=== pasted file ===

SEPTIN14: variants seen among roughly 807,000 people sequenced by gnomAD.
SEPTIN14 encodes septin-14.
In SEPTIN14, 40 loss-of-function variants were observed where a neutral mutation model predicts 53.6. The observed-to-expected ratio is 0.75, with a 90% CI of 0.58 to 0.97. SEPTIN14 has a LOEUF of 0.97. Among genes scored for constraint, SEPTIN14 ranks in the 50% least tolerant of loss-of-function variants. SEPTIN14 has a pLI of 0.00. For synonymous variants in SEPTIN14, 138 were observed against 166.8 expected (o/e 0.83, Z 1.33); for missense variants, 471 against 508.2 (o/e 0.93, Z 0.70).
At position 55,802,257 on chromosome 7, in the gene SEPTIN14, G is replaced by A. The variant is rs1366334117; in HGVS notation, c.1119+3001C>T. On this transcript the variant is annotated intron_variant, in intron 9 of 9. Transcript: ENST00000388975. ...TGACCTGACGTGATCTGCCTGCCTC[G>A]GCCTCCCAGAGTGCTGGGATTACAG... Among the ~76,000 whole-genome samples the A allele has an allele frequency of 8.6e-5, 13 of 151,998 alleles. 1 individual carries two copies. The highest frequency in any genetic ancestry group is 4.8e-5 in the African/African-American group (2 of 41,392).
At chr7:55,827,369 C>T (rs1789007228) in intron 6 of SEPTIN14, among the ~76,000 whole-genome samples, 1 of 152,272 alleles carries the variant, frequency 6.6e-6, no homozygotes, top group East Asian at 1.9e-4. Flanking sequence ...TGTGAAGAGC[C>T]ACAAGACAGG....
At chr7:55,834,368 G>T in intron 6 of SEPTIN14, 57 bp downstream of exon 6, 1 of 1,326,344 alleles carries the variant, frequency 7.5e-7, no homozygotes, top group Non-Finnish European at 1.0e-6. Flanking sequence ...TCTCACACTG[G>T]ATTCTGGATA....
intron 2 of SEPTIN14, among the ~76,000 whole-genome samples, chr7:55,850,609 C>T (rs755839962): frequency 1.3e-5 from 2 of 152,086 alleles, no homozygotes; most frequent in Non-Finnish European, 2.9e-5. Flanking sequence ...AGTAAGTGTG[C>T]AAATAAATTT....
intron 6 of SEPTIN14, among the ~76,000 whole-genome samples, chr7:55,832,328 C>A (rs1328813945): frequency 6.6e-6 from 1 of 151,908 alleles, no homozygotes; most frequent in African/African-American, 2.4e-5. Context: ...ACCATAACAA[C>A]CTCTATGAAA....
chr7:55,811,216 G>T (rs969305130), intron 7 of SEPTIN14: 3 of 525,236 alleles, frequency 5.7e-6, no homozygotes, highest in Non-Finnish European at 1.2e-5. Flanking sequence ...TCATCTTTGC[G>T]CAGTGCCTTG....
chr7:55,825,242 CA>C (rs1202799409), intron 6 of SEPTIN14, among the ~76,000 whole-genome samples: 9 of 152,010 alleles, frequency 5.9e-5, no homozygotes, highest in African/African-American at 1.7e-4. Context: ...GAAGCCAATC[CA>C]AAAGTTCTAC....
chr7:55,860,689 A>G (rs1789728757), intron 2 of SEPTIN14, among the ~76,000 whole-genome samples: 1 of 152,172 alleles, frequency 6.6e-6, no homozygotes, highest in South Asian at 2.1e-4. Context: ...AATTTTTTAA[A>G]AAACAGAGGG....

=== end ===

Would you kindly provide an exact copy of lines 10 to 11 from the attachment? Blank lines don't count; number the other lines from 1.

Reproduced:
chr7:55,825,242 CA>C (rs1202799409), intron 6 of SEPTIN14, among the ~76,000 whole-genome samples: 9 of 152,010 alleles, frequency 5.9e-5, no homozygotes, highest in African/African-American at 1.7e-4. Context: ...GAAGCCAATC[CA>C]AAAGTTCTAC....
chr7:55,860,689 A>G (rs1789728757), intron 2 of SEPTIN14, among the ~76,000 whole-genome samples: 1 of 152,172 alleles, frequency 6.6e-6, no homozygotes, highest in South Asian at 2.1e-4. Context: ...AATTTTTTAA[A>G]AAACAGAGGG....